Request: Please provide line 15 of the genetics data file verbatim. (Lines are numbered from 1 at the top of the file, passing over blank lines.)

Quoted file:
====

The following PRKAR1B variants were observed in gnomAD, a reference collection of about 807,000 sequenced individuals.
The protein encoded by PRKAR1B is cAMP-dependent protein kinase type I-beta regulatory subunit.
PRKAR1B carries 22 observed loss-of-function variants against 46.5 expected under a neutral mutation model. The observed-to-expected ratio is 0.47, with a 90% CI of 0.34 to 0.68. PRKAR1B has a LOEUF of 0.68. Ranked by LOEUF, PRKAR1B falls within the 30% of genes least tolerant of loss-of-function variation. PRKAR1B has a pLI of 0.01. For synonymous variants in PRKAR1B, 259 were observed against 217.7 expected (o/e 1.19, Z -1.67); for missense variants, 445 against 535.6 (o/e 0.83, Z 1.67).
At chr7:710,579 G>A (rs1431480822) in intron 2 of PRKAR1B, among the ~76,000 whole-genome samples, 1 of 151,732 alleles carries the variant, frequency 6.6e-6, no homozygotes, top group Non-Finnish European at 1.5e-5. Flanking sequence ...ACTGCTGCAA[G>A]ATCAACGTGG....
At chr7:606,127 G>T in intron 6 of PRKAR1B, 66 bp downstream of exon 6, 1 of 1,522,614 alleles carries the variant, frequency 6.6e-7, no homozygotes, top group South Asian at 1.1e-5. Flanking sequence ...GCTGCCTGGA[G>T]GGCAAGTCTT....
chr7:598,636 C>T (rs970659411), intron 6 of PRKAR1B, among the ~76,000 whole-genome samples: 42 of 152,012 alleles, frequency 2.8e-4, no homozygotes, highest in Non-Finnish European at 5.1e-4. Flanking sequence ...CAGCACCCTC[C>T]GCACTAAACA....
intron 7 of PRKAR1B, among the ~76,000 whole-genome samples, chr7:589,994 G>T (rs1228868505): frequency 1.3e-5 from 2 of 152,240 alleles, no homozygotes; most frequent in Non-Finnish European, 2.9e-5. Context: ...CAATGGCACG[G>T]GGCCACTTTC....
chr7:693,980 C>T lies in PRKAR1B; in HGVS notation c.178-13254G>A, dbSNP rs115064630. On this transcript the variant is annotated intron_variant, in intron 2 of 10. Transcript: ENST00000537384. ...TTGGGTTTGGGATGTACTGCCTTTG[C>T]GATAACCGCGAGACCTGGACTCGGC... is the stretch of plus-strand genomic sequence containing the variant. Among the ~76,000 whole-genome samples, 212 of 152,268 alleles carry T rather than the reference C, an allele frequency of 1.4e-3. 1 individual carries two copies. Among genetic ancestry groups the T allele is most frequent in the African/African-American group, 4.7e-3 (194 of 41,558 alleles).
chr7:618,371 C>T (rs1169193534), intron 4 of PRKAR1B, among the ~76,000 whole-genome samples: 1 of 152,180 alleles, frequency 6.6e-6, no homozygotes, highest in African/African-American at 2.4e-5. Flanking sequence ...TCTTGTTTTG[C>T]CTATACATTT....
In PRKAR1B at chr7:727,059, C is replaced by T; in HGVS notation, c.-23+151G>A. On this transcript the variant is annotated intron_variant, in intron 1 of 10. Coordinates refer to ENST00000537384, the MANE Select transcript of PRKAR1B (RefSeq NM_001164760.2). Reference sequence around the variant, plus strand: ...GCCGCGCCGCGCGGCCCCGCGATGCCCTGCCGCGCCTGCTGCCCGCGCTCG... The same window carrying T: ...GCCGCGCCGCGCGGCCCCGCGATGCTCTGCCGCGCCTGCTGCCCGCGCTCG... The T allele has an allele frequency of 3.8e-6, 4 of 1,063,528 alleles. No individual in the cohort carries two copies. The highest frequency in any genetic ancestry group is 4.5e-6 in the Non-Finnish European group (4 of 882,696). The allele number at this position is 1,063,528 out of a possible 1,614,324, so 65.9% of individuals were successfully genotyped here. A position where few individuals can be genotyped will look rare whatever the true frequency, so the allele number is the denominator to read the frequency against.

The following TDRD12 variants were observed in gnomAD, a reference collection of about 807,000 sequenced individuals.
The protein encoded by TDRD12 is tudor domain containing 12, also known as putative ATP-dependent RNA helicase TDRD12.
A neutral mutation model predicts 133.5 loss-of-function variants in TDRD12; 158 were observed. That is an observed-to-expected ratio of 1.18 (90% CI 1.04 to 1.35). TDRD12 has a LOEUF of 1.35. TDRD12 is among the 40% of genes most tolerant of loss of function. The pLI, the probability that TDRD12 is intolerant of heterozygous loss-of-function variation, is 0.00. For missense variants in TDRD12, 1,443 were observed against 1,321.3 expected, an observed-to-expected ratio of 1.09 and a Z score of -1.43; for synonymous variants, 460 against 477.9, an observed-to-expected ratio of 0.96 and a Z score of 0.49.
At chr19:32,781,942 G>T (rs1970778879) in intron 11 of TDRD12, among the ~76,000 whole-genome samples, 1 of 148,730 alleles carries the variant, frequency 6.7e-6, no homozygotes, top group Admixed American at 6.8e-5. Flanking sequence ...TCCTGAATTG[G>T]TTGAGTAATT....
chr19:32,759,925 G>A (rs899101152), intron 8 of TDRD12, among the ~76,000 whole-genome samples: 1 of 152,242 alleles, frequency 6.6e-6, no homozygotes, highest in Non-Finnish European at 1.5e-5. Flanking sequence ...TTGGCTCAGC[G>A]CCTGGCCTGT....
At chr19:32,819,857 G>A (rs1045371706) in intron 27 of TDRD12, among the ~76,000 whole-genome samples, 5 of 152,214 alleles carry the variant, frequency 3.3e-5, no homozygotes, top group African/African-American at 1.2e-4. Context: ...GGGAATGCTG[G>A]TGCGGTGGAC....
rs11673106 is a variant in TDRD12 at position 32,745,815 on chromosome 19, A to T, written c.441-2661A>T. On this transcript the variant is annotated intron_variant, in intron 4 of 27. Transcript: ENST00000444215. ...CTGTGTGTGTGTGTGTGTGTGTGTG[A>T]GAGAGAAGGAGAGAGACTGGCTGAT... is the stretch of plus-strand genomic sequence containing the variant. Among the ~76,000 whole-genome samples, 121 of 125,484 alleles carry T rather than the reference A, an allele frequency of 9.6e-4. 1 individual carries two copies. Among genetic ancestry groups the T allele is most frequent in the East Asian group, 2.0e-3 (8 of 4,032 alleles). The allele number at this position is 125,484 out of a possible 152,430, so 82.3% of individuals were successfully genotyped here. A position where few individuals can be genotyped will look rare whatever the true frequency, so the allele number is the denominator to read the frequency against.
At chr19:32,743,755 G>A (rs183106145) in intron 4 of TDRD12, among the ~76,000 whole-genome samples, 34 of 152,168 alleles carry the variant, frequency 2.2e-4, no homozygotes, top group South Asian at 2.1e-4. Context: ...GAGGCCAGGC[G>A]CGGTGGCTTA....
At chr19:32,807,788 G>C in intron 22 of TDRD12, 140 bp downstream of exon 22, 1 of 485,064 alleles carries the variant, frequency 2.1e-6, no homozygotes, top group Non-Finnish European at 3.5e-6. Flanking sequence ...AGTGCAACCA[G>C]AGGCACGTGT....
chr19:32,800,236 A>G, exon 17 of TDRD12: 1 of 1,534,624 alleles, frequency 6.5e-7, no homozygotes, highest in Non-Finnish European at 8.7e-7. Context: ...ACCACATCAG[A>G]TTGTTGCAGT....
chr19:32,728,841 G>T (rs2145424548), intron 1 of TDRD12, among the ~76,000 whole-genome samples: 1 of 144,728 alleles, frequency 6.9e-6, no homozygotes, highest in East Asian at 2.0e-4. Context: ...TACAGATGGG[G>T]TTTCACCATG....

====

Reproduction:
chr19:32,759,925 G>A (rs899101152), intron 8 of TDRD12, among the ~76,000 whole-genome samples: 1 of 152,242 alleles, frequency 6.6e-6, no homozygotes, highest in Non-Finnish European at 1.5e-5. Flanking sequence ...TTGGCTCAGC[G>A]CCTGGCCTGT....